Employers Must Do More To Support Staff With Serious Illnesses

Quarter of employers fail to provide support to staff with serious illnesses – GRiD

Nearly a quarter (23%) of UK businesses do not offer any form of emotional or practical support to employees if they are diagnosed with a serious illness such as cancer or heart disease. That is one of the main findings from new research by GRiD, the group risk sector industry body.

Of those organisations that do offer employees support when dealing with a serious illness, the most prevalent types of provision are a phased return to work plan (43%) and emotional support, such as counselling (42%). Other common forms of support offered include: 

  • Practical support, such as access to rehabilitation (35%)
  • Line manager training (28%)
  • Access to medical specialists, such as oncologists (27%)
  • Access to a second medical opinion (23%)
  • Employer-funded treatment (21%)
  • Physiotherapy (17%)

According to GRiD’s research, which was undertaken during January 2020 by Opinium and garnered the opinions of 500 HR decision makers and 1,165 UK employees, a disconnect exists between what support employees think they’ll get when dealing with a serious illness and what support their employer actually offers.

When asked what support they would receive from their employer if they were diagnosed with a serious illness, only 7% of employees said they thought they would get access to counselling and just 3% said physiotherapy. This reality suggests that employees are not fully aware of the support they would receive if they were diagnosed with a serious illness, further emphasising the need for effective employer communication.

Serious illnesses aren’t uncommon in the UK

Sadly, serious illnesses aren’t uncommon in the UK. According to the British Heart Foundation, around 7.4 million people are living with heart and circulatory disease in the UK. Furthermore, 1.4 million people have survived a heart attack, while over 900,000 are living with heart failure.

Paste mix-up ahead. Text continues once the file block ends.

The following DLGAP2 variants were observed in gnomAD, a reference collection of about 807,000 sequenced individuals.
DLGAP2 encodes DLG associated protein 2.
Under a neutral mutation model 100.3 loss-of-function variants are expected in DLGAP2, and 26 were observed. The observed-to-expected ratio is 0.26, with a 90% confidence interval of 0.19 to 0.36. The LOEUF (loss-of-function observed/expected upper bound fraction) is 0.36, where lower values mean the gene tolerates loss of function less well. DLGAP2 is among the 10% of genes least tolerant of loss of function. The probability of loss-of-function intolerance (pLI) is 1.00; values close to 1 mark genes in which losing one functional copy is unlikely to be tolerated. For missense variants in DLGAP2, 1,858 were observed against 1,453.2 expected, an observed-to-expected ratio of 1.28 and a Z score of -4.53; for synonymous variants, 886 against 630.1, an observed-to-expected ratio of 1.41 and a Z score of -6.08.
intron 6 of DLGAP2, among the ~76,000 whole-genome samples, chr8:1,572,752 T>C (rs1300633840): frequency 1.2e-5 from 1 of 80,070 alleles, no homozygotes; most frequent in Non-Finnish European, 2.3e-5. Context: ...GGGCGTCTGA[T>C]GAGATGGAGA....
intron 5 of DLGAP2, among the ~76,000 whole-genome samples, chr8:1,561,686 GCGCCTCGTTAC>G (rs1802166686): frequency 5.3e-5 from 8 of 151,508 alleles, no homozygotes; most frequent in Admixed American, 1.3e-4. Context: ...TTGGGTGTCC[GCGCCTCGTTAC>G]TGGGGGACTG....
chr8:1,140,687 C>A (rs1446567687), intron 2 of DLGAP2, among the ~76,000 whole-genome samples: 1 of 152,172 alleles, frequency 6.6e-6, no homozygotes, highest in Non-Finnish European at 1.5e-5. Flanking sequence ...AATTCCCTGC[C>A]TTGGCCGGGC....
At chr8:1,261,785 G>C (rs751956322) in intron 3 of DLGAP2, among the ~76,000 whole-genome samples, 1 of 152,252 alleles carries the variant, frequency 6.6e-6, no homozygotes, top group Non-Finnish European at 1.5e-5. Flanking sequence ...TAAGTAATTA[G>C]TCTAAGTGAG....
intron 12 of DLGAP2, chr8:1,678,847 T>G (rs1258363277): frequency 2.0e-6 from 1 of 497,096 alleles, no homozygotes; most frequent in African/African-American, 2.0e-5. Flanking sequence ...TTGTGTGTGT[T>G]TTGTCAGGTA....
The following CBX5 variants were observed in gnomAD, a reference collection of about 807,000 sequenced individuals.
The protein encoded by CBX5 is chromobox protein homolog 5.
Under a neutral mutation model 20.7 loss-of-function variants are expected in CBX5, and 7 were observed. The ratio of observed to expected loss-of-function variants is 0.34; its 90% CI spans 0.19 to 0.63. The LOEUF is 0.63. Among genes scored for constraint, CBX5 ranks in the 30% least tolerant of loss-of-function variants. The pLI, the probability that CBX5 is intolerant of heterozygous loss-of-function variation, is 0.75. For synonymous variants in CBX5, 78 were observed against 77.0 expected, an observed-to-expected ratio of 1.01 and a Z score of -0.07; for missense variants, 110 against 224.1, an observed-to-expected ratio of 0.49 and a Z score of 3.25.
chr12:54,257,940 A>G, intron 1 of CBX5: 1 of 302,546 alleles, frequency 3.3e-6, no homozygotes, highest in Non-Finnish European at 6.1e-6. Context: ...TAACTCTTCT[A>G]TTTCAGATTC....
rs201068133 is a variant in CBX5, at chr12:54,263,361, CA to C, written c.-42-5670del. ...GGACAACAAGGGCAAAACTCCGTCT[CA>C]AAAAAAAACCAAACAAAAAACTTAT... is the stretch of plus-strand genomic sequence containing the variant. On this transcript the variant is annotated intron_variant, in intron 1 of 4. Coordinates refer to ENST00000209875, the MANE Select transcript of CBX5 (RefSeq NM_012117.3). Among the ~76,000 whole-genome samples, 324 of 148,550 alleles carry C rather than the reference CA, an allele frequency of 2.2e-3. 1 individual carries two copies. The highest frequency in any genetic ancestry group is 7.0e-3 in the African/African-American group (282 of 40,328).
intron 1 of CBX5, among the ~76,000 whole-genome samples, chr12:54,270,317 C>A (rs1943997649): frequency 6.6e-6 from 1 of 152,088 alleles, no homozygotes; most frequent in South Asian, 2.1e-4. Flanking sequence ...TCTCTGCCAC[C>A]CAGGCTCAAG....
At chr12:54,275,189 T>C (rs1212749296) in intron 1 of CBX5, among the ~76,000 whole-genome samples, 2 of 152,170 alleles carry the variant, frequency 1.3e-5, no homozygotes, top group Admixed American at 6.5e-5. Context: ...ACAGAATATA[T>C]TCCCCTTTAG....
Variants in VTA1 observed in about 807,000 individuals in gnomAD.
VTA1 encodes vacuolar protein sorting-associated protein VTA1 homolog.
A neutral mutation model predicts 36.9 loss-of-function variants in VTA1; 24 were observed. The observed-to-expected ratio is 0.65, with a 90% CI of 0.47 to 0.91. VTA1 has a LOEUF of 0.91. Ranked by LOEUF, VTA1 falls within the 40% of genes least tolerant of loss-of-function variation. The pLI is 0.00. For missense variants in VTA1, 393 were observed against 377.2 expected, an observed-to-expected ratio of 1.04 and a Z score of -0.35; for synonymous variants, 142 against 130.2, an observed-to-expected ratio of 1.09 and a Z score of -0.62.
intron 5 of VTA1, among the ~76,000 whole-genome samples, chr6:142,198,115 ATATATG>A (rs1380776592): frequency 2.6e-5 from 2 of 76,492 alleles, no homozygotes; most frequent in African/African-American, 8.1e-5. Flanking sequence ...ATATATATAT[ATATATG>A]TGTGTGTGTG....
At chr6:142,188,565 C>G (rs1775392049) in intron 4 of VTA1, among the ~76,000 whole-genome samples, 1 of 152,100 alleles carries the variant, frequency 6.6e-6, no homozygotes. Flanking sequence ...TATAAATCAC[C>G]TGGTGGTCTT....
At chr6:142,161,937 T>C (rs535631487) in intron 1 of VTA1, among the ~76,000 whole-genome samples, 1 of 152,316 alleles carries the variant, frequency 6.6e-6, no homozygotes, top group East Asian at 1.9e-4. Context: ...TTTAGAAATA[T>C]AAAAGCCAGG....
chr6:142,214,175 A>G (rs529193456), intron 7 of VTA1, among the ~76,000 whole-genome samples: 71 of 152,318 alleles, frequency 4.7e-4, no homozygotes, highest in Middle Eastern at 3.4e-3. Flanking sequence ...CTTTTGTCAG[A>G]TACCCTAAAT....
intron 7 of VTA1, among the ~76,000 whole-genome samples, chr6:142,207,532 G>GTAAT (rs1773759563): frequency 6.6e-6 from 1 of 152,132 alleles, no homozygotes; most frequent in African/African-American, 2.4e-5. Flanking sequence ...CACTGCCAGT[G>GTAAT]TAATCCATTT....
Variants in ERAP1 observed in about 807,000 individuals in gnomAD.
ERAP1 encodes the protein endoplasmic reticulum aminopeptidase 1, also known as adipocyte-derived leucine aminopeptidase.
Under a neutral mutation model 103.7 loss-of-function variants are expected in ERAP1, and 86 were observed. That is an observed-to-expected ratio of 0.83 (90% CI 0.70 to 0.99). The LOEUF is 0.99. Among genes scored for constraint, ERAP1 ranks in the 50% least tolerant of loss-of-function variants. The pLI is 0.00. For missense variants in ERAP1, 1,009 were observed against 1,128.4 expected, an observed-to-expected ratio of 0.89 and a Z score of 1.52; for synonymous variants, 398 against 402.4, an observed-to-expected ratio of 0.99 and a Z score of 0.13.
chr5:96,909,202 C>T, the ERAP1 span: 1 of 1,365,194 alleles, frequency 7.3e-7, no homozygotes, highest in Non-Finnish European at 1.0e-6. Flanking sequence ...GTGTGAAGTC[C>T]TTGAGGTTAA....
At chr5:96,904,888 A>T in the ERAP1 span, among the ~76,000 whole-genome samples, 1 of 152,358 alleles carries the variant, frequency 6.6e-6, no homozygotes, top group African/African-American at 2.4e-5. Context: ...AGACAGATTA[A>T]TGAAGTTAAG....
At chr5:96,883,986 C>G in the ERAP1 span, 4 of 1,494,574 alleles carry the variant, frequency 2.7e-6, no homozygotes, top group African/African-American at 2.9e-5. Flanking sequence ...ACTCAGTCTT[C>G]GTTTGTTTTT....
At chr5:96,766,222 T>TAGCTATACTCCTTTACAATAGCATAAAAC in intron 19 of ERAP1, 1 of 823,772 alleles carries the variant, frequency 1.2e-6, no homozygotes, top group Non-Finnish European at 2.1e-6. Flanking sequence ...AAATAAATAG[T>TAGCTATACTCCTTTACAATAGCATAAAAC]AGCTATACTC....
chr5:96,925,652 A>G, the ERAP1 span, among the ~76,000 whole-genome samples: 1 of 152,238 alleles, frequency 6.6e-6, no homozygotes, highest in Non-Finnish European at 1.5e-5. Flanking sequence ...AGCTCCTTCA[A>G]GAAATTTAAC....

Arguably one of the hardest parts for these individuals is that life doesn’t suddenly return to normal. Many require support on many levels — such as getting a second medical opinion, accessing treatment, specialists and consultants, rehabilitation, physiotherapy or counselling — for a significant period of time.

Speaking about the research, Katharine Moxham, spokesperson for GRiD, said: “Serious and critical illnesses are often unforeseen, and that can make them difficult to prepare for. But, unfortunately, they’re not uncommon, so it’s important that employers consider this aspect when putting together their health and wellbeing programmes.”

Supporting Employee Health

Employees are an organisation’s most valuable asset, which is why safeguarding their health and providing support when they need it the most should be at the top of every company’s agenda.

By supporting employees’ health — especially when they face serious illnesses — business will not only show how much they care, but also boost the chances of these employees returning to work sooner than they perhaps would have.